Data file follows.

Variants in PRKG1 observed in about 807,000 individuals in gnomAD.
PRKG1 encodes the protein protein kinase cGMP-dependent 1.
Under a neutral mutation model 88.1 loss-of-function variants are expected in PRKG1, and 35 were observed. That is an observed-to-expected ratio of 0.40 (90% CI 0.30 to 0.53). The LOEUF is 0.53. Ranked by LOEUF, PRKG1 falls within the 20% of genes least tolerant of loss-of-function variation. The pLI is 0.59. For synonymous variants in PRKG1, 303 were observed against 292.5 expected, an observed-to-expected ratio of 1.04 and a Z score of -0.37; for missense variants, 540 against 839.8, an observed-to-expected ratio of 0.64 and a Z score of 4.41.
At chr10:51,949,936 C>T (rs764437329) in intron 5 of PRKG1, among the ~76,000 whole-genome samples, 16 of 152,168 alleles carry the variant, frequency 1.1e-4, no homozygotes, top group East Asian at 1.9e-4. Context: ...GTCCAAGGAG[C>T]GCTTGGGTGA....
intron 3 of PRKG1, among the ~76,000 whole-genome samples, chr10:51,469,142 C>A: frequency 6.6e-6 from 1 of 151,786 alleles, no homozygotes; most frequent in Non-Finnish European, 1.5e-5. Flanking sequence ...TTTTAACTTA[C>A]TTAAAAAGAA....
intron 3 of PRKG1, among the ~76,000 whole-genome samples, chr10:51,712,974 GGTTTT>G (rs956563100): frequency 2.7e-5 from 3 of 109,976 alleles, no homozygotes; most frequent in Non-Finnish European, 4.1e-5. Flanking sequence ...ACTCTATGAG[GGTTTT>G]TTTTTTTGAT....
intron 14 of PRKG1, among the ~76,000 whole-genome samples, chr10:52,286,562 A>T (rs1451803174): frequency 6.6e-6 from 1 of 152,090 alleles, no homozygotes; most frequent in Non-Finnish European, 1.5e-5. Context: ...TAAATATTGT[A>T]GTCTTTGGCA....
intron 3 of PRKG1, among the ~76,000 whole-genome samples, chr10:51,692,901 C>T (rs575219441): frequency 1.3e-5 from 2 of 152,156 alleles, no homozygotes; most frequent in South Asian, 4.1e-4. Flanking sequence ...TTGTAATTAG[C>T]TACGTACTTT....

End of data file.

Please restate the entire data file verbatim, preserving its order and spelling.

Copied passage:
Variants in PRKG1 observed in about 807,000 individuals in gnomAD.
PRKG1 encodes the protein protein kinase cGMP-dependent 1.
Under a neutral mutation model 88.1 loss-of-function variants are expected in PRKG1, and 35 were observed. That is an observed-to-expected ratio of 0.40 (90% CI 0.30 to 0.53). The LOEUF is 0.53. Ranked by LOEUF, PRKG1 falls within the 20% of genes least tolerant of loss-of-function variation. The pLI is 0.59. For synonymous variants in PRKG1, 303 were observed against 292.5 expected, an observed-to-expected ratio of 1.04 and a Z score of -0.37; for missense variants, 540 against 839.8, an observed-to-expected ratio of 0.64 and a Z score of 4.41.
At chr10:51,949,936 C>T (rs764437329) in intron 5 of PRKG1, among the ~76,000 whole-genome samples, 16 of 152,168 alleles carry the variant, frequency 1.1e-4, no homozygotes, top group East Asian at 1.9e-4. Context: ...GTCCAAGGAG[C>T]GCTTGGGTGA....
intron 3 of PRKG1, among the ~76,000 whole-genome samples, chr10:51,469,142 C>A: frequency 6.6e-6 from 1 of 151,786 alleles, no homozygotes; most frequent in Non-Finnish European, 1.5e-5. Flanking sequence ...TTTTAACTTA[C>A]TTAAAAAGAA....
intron 3 of PRKG1, among the ~76,000 whole-genome samples, chr10:51,712,974 GGTTTT>G (rs956563100): frequency 2.7e-5 from 3 of 109,976 alleles, no homozygotes; most frequent in Non-Finnish European, 4.1e-5. Flanking sequence ...ACTCTATGAG[GGTTTT>G]TTTTTTTGAT....
intron 14 of PRKG1, among the ~76,000 whole-genome samples, chr10:52,286,562 A>T (rs1451803174): frequency 6.6e-6 from 1 of 152,090 alleles, no homozygotes; most frequent in Non-Finnish European, 1.5e-5. Context: ...TAAATATTGT[A>T]GTCTTTGGCA....
intron 3 of PRKG1, among the ~76,000 whole-genome samples, chr10:51,692,901 C>T (rs575219441): frequency 1.3e-5 from 2 of 152,156 alleles, no homozygotes; most frequent in South Asian, 4.1e-4. Flanking sequence ...TTGTAATTAG[C>T]TACGTACTTT....